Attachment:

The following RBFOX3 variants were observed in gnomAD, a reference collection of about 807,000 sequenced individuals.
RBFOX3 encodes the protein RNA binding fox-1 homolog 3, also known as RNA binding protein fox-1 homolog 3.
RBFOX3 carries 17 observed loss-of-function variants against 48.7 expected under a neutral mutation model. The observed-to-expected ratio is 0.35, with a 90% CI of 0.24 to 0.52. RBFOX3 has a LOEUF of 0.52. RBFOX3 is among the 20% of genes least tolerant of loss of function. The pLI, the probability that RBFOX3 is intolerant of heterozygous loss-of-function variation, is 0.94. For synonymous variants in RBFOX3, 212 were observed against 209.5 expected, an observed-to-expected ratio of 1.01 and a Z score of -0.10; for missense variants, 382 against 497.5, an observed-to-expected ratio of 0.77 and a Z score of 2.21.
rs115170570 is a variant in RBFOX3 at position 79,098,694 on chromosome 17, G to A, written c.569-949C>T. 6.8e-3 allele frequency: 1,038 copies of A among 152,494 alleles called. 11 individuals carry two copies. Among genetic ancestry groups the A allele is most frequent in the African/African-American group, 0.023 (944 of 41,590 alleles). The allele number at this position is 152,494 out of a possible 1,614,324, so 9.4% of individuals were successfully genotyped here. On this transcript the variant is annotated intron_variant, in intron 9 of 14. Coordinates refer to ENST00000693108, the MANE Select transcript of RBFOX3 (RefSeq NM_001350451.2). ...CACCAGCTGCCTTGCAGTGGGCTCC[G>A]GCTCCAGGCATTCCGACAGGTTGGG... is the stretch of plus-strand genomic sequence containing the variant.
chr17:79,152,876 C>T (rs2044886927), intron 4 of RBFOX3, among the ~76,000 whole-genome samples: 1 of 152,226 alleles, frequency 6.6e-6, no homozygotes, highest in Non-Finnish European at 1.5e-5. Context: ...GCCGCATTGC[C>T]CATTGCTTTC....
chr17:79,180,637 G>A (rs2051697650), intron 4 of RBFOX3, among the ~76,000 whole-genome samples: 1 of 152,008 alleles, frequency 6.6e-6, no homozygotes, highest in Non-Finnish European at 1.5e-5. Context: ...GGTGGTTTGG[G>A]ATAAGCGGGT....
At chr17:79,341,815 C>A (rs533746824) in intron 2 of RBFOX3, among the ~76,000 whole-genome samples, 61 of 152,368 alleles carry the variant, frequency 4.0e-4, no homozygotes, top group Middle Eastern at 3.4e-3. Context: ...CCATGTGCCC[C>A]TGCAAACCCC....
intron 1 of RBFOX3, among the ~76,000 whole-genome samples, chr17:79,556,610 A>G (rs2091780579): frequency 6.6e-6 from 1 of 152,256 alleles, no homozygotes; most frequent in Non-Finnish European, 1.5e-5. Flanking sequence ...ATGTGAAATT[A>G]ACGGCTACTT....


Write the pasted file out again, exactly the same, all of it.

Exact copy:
The following RBFOX3 variants were observed in gnomAD, a reference collection of about 807,000 sequenced individuals.
RBFOX3 encodes the protein RNA binding fox-1 homolog 3, also known as RNA binding protein fox-1 homolog 3.
RBFOX3 carries 17 observed loss-of-function variants against 48.7 expected under a neutral mutation model. The observed-to-expected ratio is 0.35, with a 90% CI of 0.24 to 0.52. RBFOX3 has a LOEUF of 0.52. RBFOX3 is among the 20% of genes least tolerant of loss of function. The pLI, the probability that RBFOX3 is intolerant of heterozygous loss-of-function variation, is 0.94. For synonymous variants in RBFOX3, 212 were observed against 209.5 expected, an observed-to-expected ratio of 1.01 and a Z score of -0.10; for missense variants, 382 against 497.5, an observed-to-expected ratio of 0.77 and a Z score of 2.21.
rs115170570 is a variant in RBFOX3 at position 79,098,694 on chromosome 17, G to A, written c.569-949C>T. 6.8e-3 allele frequency: 1,038 copies of A among 152,494 alleles called. 11 individuals carry two copies. Among genetic ancestry groups the A allele is most frequent in the African/African-American group, 0.023 (944 of 41,590 alleles). The allele number at this position is 152,494 out of a possible 1,614,324, so 9.4% of individuals were successfully genotyped here. On this transcript the variant is annotated intron_variant, in intron 9 of 14. Coordinates refer to ENST00000693108, the MANE Select transcript of RBFOX3 (RefSeq NM_001350451.2). ...CACCAGCTGCCTTGCAGTGGGCTCC[G>A]GCTCCAGGCATTCCGACAGGTTGGG... is the stretch of plus-strand genomic sequence containing the variant.
chr17:79,152,876 C>T (rs2044886927), intron 4 of RBFOX3, among the ~76,000 whole-genome samples: 1 of 152,226 alleles, frequency 6.6e-6, no homozygotes, highest in Non-Finnish European at 1.5e-5. Context: ...GCCGCATTGC[C>T]CATTGCTTTC....
chr17:79,180,637 G>A (rs2051697650), intron 4 of RBFOX3, among the ~76,000 whole-genome samples: 1 of 152,008 alleles, frequency 6.6e-6, no homozygotes, highest in Non-Finnish European at 1.5e-5. Context: ...GGTGGTTTGG[G>A]ATAAGCGGGT....
At chr17:79,341,815 C>A (rs533746824) in intron 2 of RBFOX3, among the ~76,000 whole-genome samples, 61 of 152,368 alleles carry the variant, frequency 4.0e-4, no homozygotes, top group Middle Eastern at 3.4e-3. Context: ...CCATGTGCCC[C>A]TGCAAACCCC....
intron 1 of RBFOX3, among the ~76,000 whole-genome samples, chr17:79,556,610 A>G (rs2091780579): frequency 6.6e-6 from 1 of 152,256 alleles, no homozygotes; most frequent in Non-Finnish European, 1.5e-5. Flanking sequence ...ATGTGAAATT[A>G]ACGGCTACTT....